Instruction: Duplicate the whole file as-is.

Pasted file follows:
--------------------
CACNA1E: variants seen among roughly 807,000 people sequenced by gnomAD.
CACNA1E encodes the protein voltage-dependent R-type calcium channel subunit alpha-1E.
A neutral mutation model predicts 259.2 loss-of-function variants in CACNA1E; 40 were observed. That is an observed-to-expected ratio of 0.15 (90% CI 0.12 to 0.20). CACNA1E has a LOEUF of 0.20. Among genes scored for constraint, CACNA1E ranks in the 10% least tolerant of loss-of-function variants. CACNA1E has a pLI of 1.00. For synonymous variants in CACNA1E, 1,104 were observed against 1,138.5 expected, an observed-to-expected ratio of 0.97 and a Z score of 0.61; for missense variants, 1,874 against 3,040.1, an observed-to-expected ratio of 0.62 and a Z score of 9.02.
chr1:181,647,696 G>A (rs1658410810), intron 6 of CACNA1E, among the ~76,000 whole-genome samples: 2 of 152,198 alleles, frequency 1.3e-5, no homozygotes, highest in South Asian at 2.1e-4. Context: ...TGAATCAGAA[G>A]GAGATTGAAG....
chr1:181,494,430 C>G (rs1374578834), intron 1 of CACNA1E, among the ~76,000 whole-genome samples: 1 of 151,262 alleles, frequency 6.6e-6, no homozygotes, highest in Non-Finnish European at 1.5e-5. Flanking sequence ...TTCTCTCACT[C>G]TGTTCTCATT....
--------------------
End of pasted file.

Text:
CACNA1E: variants seen among roughly 807,000 people sequenced by gnomAD.
CACNA1E encodes the protein voltage-dependent R-type calcium channel subunit alpha-1E.
A neutral mutation model predicts 259.2 loss-of-function variants in CACNA1E; 40 were observed. That is an observed-to-expected ratio of 0.15 (90% CI 0.12 to 0.20). CACNA1E has a LOEUF of 0.20. Among genes scored for constraint, CACNA1E ranks in the 10% least tolerant of loss-of-function variants. CACNA1E has a pLI of 1.00. For synonymous variants in CACNA1E, 1,104 were observed against 1,138.5 expected, an observed-to-expected ratio of 0.97 and a Z score of 0.61; for missense variants, 1,874 against 3,040.1, an observed-to-expected ratio of 0.62 and a Z score of 9.02.
chr1:181,647,696 G>A (rs1658410810), intron 6 of CACNA1E, among the ~76,000 whole-genome samples: 2 of 152,198 alleles, frequency 1.3e-5, no homozygotes, highest in South Asian at 2.1e-4. Context: ...TGAATCAGAA[G>A]GAGATTGAAG....
chr1:181,494,430 C>G (rs1374578834), intron 1 of CACNA1E, among the ~76,000 whole-genome samples: 1 of 151,262 alleles, frequency 6.6e-6, no homozygotes, highest in Non-Finnish European at 1.5e-5. Flanking sequence ...TTCTCTCACT[C>G]TGTTCTCATT....